Researching March Madness

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As my friends know, I’m a big basketball fan, having been the worst—but also tallest—player in my junior high and then really taught to understand the game by Beverly Moss, my mentor in many things but basketball in particular. So of course I am following the March Madness action, odd and unnerving as it is in this COVID year. And as a long-time Stanford faculty member, I have followed the women’s team very closely this year, through ups and downs and into the tournament. Last weekend, I watched them take on Utah Valley in a very lopsided first-round victory, and they’ve now also won in the second round against Oklahoma State!

Over the years at Stanford, I got to spend a bit of time with head coach Tara VanDerveer and have heard her speak in passionate support of women’s sports in general and basketball in particular. When Stanford hosted the Feminisms and Rhetorics conference, VanDerveer and the athletic director at the time both spoke about their mothers, who never had a chance to play sports, bringing the discriminatory practices up close and personal for both of them.

So this week when one of the Stanford coaches posted comparison photos of the men’s and women’s weight rooms, I wasn’t surprised. But like that coach (and like VanDerveer, who blasted the NCAA over the discrepancy), I was plenty mad. As the WNBA’s Brianna Turner noted, "In regards to the NCAA wbb tournament weight room that looks like it belongs in a senior care facility... it's inexcusable.” Indeed. Overnight, the NCAA made some changes and issued an apology. But as women athletes have been pointing out for decades, the system discriminates against them in almost every way.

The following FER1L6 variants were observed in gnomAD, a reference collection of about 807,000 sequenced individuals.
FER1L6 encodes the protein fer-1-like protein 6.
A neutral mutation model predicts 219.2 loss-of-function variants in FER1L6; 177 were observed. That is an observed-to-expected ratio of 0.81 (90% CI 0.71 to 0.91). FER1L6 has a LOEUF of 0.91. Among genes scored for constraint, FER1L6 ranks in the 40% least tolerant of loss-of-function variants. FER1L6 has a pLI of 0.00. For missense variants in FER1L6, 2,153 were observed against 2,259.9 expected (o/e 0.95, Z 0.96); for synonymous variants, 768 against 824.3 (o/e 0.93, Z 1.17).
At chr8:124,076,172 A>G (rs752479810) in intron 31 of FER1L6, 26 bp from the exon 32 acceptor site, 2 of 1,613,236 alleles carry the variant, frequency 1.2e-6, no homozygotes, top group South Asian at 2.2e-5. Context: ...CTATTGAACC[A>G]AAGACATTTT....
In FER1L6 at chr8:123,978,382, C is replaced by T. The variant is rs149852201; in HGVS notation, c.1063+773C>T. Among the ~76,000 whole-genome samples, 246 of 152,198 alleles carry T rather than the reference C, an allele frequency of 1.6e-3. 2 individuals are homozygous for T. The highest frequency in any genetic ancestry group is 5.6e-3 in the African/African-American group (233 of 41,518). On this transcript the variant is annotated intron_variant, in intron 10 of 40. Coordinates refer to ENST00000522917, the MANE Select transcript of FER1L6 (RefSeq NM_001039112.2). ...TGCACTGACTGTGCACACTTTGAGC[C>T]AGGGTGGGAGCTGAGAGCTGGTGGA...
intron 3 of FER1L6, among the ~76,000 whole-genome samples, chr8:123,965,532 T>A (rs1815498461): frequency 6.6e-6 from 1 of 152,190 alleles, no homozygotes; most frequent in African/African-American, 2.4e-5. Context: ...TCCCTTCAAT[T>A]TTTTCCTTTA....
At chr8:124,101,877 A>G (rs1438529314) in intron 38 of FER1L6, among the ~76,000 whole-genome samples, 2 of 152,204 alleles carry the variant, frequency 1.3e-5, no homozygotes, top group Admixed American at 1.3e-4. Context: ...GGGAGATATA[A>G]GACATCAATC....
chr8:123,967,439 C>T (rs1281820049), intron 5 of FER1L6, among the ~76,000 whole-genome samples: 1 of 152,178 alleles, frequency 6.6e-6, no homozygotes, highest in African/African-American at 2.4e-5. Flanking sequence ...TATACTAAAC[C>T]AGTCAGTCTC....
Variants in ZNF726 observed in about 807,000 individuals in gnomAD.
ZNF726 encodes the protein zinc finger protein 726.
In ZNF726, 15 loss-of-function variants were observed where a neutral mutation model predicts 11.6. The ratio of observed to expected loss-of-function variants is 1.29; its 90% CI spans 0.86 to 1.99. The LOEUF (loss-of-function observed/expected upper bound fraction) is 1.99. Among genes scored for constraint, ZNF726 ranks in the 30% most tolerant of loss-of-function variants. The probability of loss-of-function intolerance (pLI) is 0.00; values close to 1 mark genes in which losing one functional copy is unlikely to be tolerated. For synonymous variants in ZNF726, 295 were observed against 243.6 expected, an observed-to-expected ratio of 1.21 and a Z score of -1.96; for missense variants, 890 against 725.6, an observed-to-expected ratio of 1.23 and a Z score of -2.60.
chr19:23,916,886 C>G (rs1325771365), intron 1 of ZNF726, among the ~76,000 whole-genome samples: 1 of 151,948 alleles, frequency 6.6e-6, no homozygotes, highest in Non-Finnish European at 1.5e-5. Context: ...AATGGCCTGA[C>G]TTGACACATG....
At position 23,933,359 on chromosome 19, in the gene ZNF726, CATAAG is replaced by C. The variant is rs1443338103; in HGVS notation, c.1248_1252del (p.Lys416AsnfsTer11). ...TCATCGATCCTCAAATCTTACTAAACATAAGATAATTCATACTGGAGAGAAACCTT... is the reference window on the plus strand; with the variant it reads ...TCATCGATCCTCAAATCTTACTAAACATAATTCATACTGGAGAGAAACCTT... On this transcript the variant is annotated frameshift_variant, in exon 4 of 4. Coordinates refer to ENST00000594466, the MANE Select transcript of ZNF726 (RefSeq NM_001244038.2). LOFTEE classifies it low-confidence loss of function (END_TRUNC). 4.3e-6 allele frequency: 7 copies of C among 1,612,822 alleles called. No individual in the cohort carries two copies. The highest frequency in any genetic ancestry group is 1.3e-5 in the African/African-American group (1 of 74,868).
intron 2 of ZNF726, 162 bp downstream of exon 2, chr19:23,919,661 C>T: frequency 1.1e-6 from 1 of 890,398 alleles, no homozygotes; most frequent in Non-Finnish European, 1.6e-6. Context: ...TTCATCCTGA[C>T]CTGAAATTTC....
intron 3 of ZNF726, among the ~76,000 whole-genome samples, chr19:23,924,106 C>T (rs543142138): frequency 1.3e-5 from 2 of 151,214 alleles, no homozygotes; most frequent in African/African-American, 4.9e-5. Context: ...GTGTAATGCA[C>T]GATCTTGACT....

So what does a teacher of writing do in a situation like this? A little research, to start with, to make sure of the facts. But this particular contretemps seems to me to offer an opportunity to engage students in some interesting research as well. They could begin with this controversy, looking for what they can find out about who made the decisions regarding facilities and comparing other elements of the men’s and women’s tournaments: when are they scheduled and why? Where are the teams staying and how do those facilities compare? What meals are offered to the players in both tournaments and how do they compare? What kind of equipment is provided for the players in the two tournaments? Who pays for these facilities and meals and equipment, and where does that money come from? Perhaps most important, where does the revenue from each tournament go—and why?

And think of the opportunity for field research about this issue: students could conduct interviews with players and coaches as well as with fans; they could conduct surveys of attitudes toward the two tournaments and gather data about the size of viewership, about advertising dollars spent, and about network coverage. And so on, and so on.

Students engaged in this kind of research are practicing research methods and techniques as well as synthesizing information and drawing solid inferences, all leading, perhaps, to a rhetorical analysis of a particular aspect of NCAA culture, to a narrative argument about equality between men and women’s sports, or to a report based on hard-nosed financial facts.

And those would all be very fine responses to the NCAA. So go team!

Image Credit: "Basketball" by popo.uw23, used under a CC PDM 1.0 mark

About the Author
Andrea A. Lunsford is the former director of the Program in Writing and Rhetoric at Stanford University and teaches at the Bread Loaf School of English. A past chair of CCCC, she has won the major publication awards in both the CCCC and MLA. For Bedford/St. Martin's, she is the author of The St. Martin's Handbook, The Everyday Writer and EasyWriter; The Presence of Others and Everything's an Argument with John Ruszkiewicz; and Everything's an Argument with Readings with John Ruszkiewicz and Keith Walters. She has never met a student she didn’t like—and she is excited about the possibilities for writers in the “literacy revolution” brought about by today’s technology. In addition to Andrea’s regular blog posts inspired by her teaching, reading, and traveling, her “Multimodal Mondays” posts offer ideas for introducing low-stakes multimodal assignments to the composition classroom.